Parents’ play an essential role in Parent–Child Interaction Therapy (PCIT) as the primary agent of intervention with their child. Unfortunately, speech and language therapists (SLTs) report that parents’ engagement is challenging when conducting PCIT. Although focusing on and stimulating the engagement of parents, when needed, can increase the success of PCIT, little is known about what factors influence parent engagement.
To explore SLTs’ views about the factors that facilitate or pose barriers to parents’ engagement in PCIT.
Methods & Procedures
A secondary analysis of 10 interview transcripts about SLTs’ views on delivering PCIT with parents of children with developmental language disorder (DLD) was conducted. Codes from the original analysis where checked for their relevance to parents’ engagement by the first author. Potential themes were identified iteratively with all authors.
Outcomes & Results
Four themes were identified in the SLTs’ description of their experiences with the engagement of parents: mutual understanding, creating a constructive relationship between the SLT and parent, parental empowerment, and barriers. It became clear that SLTs were focusing on different aspects of engagement.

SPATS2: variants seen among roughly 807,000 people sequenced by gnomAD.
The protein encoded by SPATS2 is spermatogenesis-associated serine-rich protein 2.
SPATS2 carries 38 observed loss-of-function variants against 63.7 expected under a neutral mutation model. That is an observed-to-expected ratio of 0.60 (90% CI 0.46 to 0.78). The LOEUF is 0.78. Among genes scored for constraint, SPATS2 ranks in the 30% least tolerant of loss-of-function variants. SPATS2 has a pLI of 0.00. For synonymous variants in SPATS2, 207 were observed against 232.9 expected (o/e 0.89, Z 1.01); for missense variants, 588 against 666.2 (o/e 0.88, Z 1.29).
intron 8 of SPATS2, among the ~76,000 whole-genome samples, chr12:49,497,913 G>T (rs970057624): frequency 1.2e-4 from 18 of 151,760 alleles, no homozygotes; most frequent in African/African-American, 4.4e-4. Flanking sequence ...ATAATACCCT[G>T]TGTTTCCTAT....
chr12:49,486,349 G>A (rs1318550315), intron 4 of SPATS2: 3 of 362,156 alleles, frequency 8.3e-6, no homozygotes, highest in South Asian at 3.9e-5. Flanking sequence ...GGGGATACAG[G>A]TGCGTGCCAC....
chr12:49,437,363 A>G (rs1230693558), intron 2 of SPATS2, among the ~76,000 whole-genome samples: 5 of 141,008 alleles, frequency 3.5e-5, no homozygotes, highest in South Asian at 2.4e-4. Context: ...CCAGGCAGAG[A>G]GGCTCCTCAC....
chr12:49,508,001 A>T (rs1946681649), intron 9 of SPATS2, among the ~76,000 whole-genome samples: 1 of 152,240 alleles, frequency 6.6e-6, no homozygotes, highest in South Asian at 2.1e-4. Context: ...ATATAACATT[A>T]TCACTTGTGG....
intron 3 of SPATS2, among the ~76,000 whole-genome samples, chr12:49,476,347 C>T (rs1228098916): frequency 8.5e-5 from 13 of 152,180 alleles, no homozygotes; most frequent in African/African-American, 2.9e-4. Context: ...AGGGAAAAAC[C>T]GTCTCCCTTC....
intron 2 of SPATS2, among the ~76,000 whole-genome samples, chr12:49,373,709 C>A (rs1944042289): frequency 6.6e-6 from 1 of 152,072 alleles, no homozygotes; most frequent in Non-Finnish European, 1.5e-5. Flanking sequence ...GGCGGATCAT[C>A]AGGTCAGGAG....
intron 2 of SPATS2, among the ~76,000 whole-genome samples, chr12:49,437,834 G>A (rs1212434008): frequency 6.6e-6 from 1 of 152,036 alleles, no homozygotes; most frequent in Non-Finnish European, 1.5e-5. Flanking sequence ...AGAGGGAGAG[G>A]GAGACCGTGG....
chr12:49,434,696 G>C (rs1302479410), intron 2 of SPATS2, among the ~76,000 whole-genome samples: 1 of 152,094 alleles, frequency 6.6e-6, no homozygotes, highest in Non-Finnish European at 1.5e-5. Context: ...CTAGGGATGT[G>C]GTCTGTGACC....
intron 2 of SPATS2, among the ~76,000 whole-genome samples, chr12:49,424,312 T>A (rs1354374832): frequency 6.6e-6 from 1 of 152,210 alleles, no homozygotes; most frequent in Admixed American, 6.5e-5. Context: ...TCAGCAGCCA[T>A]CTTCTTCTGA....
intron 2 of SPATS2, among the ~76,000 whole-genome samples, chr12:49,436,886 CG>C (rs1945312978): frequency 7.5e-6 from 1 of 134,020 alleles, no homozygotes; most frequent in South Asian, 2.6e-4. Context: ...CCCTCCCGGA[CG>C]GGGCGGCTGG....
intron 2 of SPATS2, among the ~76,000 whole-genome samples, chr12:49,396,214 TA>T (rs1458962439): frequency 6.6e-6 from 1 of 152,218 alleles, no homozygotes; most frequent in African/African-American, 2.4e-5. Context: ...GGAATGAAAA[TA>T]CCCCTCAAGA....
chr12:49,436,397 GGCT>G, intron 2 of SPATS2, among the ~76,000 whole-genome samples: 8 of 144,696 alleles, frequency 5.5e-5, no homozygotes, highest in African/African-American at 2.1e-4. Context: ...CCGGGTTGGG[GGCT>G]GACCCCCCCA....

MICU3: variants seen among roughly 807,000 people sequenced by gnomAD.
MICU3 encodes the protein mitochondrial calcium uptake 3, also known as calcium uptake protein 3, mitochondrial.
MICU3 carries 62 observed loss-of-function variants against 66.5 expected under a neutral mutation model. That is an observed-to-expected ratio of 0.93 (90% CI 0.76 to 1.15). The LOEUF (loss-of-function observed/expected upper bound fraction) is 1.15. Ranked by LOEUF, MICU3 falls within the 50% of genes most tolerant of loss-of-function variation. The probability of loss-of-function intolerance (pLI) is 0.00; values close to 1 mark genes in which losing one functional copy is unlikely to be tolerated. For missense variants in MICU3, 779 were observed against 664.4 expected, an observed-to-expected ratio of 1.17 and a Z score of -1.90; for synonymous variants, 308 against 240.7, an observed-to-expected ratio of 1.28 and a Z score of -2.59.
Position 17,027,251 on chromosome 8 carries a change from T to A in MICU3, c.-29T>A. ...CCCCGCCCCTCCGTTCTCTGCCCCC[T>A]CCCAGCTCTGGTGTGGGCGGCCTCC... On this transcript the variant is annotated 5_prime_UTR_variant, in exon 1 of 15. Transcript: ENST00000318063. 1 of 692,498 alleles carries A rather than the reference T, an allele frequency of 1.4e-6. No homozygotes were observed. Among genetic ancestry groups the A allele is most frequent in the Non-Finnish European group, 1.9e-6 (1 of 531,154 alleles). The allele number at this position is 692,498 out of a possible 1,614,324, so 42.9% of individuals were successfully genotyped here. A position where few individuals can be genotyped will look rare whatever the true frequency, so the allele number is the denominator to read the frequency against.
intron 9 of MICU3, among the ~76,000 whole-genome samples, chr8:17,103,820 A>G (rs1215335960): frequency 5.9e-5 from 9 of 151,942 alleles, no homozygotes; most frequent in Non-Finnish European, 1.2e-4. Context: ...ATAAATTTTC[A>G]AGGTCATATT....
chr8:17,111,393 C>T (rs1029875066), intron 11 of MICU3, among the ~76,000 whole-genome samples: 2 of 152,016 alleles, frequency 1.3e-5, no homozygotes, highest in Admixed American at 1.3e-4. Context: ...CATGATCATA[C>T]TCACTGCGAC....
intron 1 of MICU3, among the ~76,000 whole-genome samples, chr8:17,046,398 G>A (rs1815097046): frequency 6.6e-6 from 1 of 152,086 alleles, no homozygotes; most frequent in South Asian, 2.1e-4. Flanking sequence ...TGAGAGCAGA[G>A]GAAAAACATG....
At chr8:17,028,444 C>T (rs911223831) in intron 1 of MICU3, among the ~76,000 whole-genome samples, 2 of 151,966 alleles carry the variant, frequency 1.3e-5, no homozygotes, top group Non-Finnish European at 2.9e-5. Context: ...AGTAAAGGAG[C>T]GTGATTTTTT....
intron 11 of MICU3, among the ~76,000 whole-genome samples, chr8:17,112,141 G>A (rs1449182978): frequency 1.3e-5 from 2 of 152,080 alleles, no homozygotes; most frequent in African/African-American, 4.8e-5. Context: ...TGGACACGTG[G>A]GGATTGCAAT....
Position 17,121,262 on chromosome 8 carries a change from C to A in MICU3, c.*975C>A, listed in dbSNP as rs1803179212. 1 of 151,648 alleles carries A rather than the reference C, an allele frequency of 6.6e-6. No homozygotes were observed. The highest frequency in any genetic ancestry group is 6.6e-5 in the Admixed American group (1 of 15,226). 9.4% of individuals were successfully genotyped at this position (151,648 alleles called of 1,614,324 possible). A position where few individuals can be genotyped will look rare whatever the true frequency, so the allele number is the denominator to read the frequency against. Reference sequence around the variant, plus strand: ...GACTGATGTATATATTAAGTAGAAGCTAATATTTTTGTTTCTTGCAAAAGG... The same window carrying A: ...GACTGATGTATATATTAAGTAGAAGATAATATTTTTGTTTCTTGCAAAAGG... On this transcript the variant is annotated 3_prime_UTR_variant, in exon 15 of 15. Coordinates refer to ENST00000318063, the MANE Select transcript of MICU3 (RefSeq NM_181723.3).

Conclusions & Implications
This study makes an initial contribution to our understanding of SLTs’ view of parents’ engagement and about what stimulates parent engagement or effects disengagement. SLTs play an important role in supporting parents to engage and stay engaged with therapy. Training SLTs on how best to engage parents, focusing on mutual understanding, creating constructive relationships between the SLT and parent, parental empowerment, and barriers, is necessary. However, more research is needed on how to train relevant skills in SLTs. Clearer definitions of engagement would improve understanding and judgements about how best to support parents.